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Island plumbing dispute settled

Tom Jackson • Jun 24, 2014 at 11:00 AM

A long-running dispute between the Erie County Health Department and a Plymouth contractor over unauthorized plumbing work on a Kelleys Island home may have finally come to an end.

Ohio's Sixth District appeals court in Toledo recently ruled the health department was justified in suspending the registration of Adams Quality Heating and Cooling, owned by Mark Adams. 

It also ruled that the heath department had been unreasonable in its requirements for Adams to get back into the department's good graces. The appeals court ordered Erie County Common Pleas Judge Roger Binette to tell the health department to accept Adams' registration.

The health department took action against Adams after it discovered that he had done plumbing work in 2010 on a Kelleys Island home owned by Martin Tremmel, then a top-ranking state health official. Adams did not obtain a permit for the work and was not registered to do work in Erie County.

The appeals court ruled that the health department could regulate plumbing in the county, but said that it could not compel Adams to complete a detailed drawing of his work from memory. It agreed with Binette that the requirement was unreasonable.

The appeals court also noted that Binette had failed to order the health department to accept Adams' registration and told him to do that.

Assistant prosecutor Jason Hinners said the county accepts the ruling and doesn't intend to appeal to the Ohio Supreme Court court.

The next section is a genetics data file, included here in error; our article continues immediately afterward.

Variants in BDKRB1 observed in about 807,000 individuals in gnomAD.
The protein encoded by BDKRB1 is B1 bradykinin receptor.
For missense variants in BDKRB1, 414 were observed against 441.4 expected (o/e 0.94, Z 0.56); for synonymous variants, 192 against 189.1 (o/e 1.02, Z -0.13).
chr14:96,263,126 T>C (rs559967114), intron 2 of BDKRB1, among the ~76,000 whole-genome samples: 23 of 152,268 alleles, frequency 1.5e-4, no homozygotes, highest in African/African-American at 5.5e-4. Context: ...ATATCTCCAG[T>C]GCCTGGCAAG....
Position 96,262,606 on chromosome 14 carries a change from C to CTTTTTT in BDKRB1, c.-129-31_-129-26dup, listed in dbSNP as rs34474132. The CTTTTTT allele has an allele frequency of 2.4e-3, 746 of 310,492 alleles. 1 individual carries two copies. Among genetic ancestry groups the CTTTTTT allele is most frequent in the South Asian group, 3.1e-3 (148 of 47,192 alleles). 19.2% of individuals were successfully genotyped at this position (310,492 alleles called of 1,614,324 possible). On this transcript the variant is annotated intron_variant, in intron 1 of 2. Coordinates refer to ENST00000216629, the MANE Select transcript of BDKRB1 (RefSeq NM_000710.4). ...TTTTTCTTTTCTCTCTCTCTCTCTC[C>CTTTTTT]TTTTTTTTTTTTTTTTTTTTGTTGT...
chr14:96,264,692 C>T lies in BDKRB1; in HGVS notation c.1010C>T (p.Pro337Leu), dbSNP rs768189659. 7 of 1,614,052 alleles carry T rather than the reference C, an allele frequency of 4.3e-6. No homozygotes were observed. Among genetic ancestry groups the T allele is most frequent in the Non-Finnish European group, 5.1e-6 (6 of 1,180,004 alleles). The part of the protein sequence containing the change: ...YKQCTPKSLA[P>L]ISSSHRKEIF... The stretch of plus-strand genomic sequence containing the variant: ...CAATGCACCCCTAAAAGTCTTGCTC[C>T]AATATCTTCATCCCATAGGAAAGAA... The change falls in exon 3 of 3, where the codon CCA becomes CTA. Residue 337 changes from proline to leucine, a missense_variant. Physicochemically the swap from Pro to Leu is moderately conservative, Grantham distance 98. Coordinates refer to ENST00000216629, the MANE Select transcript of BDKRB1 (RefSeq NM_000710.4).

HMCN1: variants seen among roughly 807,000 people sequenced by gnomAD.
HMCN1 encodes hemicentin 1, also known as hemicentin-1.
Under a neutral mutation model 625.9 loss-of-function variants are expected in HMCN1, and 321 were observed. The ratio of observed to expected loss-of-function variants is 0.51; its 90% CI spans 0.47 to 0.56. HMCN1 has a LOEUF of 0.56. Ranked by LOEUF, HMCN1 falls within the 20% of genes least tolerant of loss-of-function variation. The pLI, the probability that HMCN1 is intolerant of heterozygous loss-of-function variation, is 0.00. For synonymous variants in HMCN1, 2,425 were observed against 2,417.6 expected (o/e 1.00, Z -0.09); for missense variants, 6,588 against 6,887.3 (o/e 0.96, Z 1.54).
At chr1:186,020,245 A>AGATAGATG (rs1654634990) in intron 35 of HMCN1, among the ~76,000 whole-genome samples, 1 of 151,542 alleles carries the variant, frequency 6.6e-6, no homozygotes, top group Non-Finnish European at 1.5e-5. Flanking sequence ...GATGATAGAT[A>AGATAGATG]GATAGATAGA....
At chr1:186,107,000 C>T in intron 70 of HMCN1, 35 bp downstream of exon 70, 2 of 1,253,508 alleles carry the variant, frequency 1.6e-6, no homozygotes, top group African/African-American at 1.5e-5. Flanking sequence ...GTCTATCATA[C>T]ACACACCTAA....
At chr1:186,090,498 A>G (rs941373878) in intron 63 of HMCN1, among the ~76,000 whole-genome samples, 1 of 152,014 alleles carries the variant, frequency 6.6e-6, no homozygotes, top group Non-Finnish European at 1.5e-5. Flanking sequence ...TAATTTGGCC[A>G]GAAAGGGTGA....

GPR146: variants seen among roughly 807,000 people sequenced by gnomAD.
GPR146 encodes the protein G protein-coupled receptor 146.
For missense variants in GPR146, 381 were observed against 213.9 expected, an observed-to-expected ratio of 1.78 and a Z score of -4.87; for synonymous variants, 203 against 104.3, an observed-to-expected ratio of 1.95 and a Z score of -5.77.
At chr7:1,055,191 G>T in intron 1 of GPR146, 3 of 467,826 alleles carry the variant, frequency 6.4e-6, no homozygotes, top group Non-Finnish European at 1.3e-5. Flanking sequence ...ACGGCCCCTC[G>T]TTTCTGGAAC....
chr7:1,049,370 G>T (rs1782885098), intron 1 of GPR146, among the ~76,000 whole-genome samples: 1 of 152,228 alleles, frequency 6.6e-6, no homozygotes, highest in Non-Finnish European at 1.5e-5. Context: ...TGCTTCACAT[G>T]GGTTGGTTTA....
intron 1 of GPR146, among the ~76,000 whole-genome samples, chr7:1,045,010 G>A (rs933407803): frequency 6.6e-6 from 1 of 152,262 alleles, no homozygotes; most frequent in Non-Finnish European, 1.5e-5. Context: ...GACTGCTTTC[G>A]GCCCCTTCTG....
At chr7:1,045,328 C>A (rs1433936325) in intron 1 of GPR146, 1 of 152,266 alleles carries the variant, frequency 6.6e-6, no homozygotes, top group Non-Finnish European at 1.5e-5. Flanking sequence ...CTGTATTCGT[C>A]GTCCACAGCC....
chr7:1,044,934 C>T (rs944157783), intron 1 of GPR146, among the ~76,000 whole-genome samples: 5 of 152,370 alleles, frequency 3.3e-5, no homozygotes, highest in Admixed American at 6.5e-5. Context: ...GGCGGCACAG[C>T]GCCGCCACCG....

Ronald J. Mayle, one of Adams' attorneys, said he also does not intend to pursue further court action, provided that the health department obeys the order and registers Adams.

Mayle said his reading of the decision is that the health department can only require Adams to pay the same fees as any other contractor that registers with the health department, and can't impose additional fees or penalties.

Pete Schade, Erie County's health commissioner, said he can live with the ruling.

"I'm fine with it, other than the fact I don't know how much to charge him," Schade said. "We're going to have to work that out with the court system."

Schade said the entire fuss was a waste of taxpayer resources that could have been avoided if Tremmel had obtained a permit that he knew was required.

Mayle, asked if his client believes he was targeted because officials were angry with Tremmel, said the health department didn't come to Adams until several months after it learned about the work. When it was called to Adams' attention that he hadn't taken all of the necessary steps, he immediately submitted the necessary paperwork, Mayle said. 

“The court of appeals and trial court both said (the health department was) out of line in their demands on my guy. Both courts agreed what they were demanding of my guy was unreasonable," Mayle said.

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